Debunking Some of the Most Common Fertility Myths

Fertility is such an emotional and complicated topic, it’s no surprise that misinformation is everywhere. When you’re eager to add a little one to your family, it can be easy to start believing old wives’ tales and obscure blogs across the internet.

As you can imagine, we spend a lot of time at Arizona Center for Reproductive Endocrinology & Infertility debunking and correcting some of these false beliefs. Here are ten of the most common fertility myths we hope to clear up now.

Myth 1: It’s easy to get pregnant.
When you’re struggling with infertility, it might seem like everyone else around you is having no problem getting pregnant. The truth though, is that for healthy couples, the chance of conceiving each month is only 20 percent. Timing and conditions have to be just right for a pregnancy to occur, no matter who you are.

Myth 2: Having a regular period means I’ll be able to get pregnant.
Unfortunately, getting your period every month, doesn’t necessarily mean you’re ovulating regularly. And, even if that’s the case, there is more to fertility than just ovulation. While getting your period at roughly the same time every month is a great indication that you could get pregnant, it is not the sole factor.

Myth 3: Hormonal birth control reduces my chances of pregnancy.
Obviously, while you’re on birth control, your chances of getting pregnant are greatly diminished, but birth control has not been proven to have any harmful long-term effects on fertility. However, while you’re on it, it can mask signs of different kinds of reproductive disorders, such as PCOS. So once you stop taking the pill or remove your implant, make sure you pay attention to the regularity of your menstrual cycle; if it doesn’t become regular within three to four months, check in with your doctor.

Myth 4: If I’ve had one successful pregnancy, I should have no problem getting pregnant again.
Being able to get pregnant once, is a good sign, however the greatest detriment to a woman’s fertility is age. The time that’s passed between your previous pregnancy and now, could impact your chances of successfully conceiving again. Internal complications that occurred after your first pregnancy, weight gain, and a new partner could be reasons—besides age—that can cause infertility, even if you’ve had a child before.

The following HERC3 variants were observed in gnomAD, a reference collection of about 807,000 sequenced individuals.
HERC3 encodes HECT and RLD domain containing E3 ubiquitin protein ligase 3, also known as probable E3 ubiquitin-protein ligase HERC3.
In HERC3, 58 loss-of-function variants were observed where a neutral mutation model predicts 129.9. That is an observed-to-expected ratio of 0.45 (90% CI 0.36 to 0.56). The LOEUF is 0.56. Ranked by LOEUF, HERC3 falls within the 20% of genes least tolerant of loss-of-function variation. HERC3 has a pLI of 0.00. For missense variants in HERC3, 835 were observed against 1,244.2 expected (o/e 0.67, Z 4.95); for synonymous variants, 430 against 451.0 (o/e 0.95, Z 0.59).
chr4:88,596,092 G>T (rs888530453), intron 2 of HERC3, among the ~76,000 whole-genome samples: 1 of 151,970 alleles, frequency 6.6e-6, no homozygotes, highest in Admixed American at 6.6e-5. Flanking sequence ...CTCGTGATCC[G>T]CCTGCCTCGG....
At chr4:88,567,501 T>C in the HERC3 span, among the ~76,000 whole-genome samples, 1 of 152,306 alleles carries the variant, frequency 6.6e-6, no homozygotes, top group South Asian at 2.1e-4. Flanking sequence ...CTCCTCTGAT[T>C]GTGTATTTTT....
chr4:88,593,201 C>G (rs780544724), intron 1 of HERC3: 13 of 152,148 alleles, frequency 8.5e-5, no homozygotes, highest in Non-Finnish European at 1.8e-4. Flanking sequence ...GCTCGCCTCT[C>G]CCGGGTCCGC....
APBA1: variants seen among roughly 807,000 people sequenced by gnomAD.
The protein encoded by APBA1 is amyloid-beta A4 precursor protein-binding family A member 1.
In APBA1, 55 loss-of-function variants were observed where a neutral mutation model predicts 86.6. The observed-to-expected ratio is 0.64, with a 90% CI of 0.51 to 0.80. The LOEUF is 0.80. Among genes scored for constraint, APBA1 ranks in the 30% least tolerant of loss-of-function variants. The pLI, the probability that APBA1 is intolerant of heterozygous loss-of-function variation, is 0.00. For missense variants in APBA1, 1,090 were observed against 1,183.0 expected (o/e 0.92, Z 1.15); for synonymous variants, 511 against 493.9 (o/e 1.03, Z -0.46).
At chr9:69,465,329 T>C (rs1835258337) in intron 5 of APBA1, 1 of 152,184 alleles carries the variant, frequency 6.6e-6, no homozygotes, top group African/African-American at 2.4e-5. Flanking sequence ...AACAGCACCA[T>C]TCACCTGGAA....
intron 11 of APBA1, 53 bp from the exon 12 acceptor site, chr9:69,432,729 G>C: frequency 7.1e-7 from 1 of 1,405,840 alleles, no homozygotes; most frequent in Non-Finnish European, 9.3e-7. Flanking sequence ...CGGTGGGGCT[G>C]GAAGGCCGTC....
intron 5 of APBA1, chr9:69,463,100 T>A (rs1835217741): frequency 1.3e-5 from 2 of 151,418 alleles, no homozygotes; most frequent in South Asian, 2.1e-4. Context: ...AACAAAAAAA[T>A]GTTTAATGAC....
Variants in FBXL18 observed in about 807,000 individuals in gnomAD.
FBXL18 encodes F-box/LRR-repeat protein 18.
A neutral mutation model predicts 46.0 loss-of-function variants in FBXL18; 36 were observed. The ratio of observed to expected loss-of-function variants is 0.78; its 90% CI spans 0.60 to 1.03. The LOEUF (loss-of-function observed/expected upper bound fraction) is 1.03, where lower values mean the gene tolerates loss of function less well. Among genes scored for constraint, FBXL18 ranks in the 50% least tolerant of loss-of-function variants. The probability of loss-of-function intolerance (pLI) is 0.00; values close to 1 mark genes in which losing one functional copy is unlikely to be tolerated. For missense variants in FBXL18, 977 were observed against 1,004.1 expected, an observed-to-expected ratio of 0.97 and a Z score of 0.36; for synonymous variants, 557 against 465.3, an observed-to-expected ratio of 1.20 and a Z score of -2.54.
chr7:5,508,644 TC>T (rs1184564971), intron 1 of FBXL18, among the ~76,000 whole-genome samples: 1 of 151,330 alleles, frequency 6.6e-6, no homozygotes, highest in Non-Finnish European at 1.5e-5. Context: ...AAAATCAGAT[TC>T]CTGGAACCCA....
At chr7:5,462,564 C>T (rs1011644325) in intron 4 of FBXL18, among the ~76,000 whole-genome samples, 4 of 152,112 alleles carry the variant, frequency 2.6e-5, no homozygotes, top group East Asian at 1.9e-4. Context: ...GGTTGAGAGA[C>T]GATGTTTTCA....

Myth 5: My mom was super fertile, so I will be too.
The ability to get pregnant isn’t completely genetic—every woman is different. There are many factors that influence fertility, and while some (like POI or PCOS) are heritable, not all of them are. For example, if your partner has infertility issues, you’ll have a more difficult time conceiving, no matter how easy it was for your mother.

Myth 6: Many women are getting pregnant after 45, it’s common now.
Having kids at age 45 is possible, but it does come with challenges. If you wait until your 40 to have children—and didn’t freeze your eggs—you’ll have less healthy, quality eggs to work with. When you see celebrities or acquaintances getting pregnant at an older age, it’s often with the assistance of reproductive treatments and technologies.

Myth 7: It’s impossible to get pregnant after 40.
While it’s not easy to get pregnant after 40, it’s also not impossible. The uterus does not age the same way eggs or ovaries do. The quality of eggs naturally declines after the age of 35, but people with uteruses can still carry a pregnancy well into their 40s, as long as they’re using healthy, viable eggs. It might take advanced treatments like hormone medication, IVF, IUI, or donor eggs may be necessary to achieve a successful pregnancy, but turning 40 doesn’t end your chances of having a baby.

Myth 8: Fertility is a woman’s problem.
If we had to break it down, we’d say infertility is about 40 percent female factor, 40 percent male factor, and 20 percent shared or unknown or factors. A lot of times the brunt of the fertility conversation falls onto a woman’s reproductive health. Whenever we look into the potential causes of a couple’s infertility, we test both partners. Men can still have reproductive issues—such as low testosterone levels, low sperm motility, low sperm count, or abnormally shaped sperm—that prevent a pregnancy from occurring.

Myth 9: Infertility treatments are incredibly expensive.
The biggest misconception regarding fertility treatments and assisted reproduction techniques is that it’s super expensive. As these procedures have become more mainstream, the cost has become more reasonable. Plus, many patients are able to have some portion of their testing or treatments covered by insurance. At AZCREI, we strive to keep the process affordable, because it’s important to us to help all couples get pregnant, regardless of their income.

Myth 10: I’ll get pregnant as soon as I start fertility treatments.
It’s not guaranteed that a couple will get pregnant right away following their first treatment; there’s a certain chance of pregnancy with each month of trying. The probability of pregnancy is related to many different variables—ovulation, timing, fertilization rates, etc. However, the vast majority of patients who visit AZCREI do get pregnant—it just might not happen immediately.

Now that you have this information, we’d love to answer any other questions you have. Schedule a consultation with our team by calling (520) 326-0001 or visiting us online.